Learn more about the process for submitting suggestions for Kadena’s public blockchain, Chainweb.
Similar to other improvement proposals that you may be familiar with from Bitcoin and Ethereum, Kadena Improvement Proposals (KIPs) allow participants to introduce new changes to the blockchain in a transparent manner.
What are KIPs? KIPs are open source requests to support technical development. They also crowdsource features for different technologies developed by Kadena. A KIP describes a potential improvement to the Kadena public blockchain (Chainweb, our Proof of Work blockchain), and the open source smart contract language Pact.
A Brief History of Improvement Proposals
We are building upon previously established processes in the developer community. The original “Bitcoin Improvement Proposal” (BIP) system drew heavy inspiration from Python’s enhancement proposals and a collection of open source principles from the Internet Engineering Task Force, “On Consensus and Humming in the IETF.” The goal of these systems is to find a way to democratically collaborate on a piece of public digital infrastructure, but also to “thoroughly vet ideas for security and feasibility, before implementing any code that could threaten the stability of the network.”
The spirit of the Internet (and public blockchain) is to be an ownerless utility. Therefore, its creators and earliest developers, despite their influence, should never solely control it. At the same time, we need a structure for collaborating and examining proposed changes for the public good. The goal is to make improvements that will hopefully benefit everyone using the network. Chainweb’s KIPs are modeled after the same principles that motivated Bitcoin and other engineering communities to set up their respective improvement proposals.
While we are using industry language, there are some small differences in our terminology for KIPs:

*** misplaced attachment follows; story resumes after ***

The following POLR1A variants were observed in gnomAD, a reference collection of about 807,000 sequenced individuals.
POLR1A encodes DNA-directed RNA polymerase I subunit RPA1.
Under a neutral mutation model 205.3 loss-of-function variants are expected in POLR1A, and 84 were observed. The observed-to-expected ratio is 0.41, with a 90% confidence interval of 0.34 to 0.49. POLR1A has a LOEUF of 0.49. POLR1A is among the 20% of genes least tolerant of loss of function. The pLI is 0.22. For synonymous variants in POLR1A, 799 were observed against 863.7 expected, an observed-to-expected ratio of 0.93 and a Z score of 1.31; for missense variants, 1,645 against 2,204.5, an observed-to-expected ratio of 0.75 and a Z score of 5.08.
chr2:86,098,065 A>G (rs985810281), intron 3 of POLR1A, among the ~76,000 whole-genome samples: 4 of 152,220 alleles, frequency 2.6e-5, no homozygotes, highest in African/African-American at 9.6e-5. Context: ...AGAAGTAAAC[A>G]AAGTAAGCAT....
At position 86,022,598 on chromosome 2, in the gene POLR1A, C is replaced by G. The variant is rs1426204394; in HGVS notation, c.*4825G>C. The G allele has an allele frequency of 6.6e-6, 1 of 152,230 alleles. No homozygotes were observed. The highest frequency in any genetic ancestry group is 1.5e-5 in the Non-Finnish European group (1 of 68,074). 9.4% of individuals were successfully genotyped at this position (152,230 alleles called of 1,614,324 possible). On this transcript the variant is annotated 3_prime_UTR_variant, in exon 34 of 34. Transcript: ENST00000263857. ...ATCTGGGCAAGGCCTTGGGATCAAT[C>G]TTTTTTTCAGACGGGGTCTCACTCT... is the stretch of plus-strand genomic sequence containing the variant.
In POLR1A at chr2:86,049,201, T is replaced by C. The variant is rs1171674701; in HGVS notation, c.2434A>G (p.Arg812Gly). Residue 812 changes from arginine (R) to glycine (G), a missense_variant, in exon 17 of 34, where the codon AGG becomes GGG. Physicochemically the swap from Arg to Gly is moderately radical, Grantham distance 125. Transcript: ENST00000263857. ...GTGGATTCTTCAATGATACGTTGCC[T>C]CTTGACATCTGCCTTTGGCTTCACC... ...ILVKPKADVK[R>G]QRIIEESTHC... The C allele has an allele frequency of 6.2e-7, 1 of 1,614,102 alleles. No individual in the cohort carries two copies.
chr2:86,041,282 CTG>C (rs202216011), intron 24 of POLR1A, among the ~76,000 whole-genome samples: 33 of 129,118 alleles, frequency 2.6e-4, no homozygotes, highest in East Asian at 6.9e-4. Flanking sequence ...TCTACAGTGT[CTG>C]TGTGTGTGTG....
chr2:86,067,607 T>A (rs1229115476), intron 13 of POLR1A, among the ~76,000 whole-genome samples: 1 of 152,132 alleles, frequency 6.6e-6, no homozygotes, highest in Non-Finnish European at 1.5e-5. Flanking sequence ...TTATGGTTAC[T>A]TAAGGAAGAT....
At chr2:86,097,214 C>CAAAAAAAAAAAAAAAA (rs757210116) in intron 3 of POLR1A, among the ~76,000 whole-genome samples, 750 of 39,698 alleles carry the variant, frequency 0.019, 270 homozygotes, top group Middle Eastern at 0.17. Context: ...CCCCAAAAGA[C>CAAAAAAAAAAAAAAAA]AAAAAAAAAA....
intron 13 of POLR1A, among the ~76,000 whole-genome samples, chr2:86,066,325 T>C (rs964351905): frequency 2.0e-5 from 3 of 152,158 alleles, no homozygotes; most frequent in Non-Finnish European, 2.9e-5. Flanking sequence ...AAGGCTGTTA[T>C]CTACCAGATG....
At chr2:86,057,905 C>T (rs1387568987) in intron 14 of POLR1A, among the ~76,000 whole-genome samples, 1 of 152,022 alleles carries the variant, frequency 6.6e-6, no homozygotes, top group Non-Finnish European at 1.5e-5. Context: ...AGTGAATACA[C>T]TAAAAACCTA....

A new KIP, in Pull Request (PR), or an accepted PR that is still being debated.
Statuses that indicate a KIP has stopped for being too soon (Deferred), unacceptable (Rejected), or removed by the author (Withdrawn).
Final indicates KIP is at completion but not necessarily released.
Active indicates KIP does not need to be finalized (i.e. an ongoing discussion).
Indicators that a previously final KIP has been superseded by a more recent KIP (Replaced) or no longer applies (Obsolete).
A “standards track” KIP indicating some kind of concrete implementation with a specification.
“Category” is borrowed from EIPs and corresponds to a “Layer” in BIP. A category is only for Standard types.
Core change to public blockchain consensus
Core change to peer-to-peer or networking services
API/interface layer for interoperating with Kadena’s public blockchain
Changes to the Pact smart contract language that particularly impact a protocol
Changes to, or new interfaces in, Pact for defining smart contract interoperability.
Describes a series of actions or steps, like this KIP.
Guidelines, general issues or information for the community.
For more details on our KIPs process, visit our Github.
View the latest KIPs. Consider introducing a KIP as you explore the Pact smart contract language and Kadena’s public blockchain testnet with these resources:
Getting Started: Pact Smart Contract Beginner Tutorials
Try Pact in your web browser.
Making a KIP: Propose a new issue on our Github KIPs page, describing the proposal in the suggested format.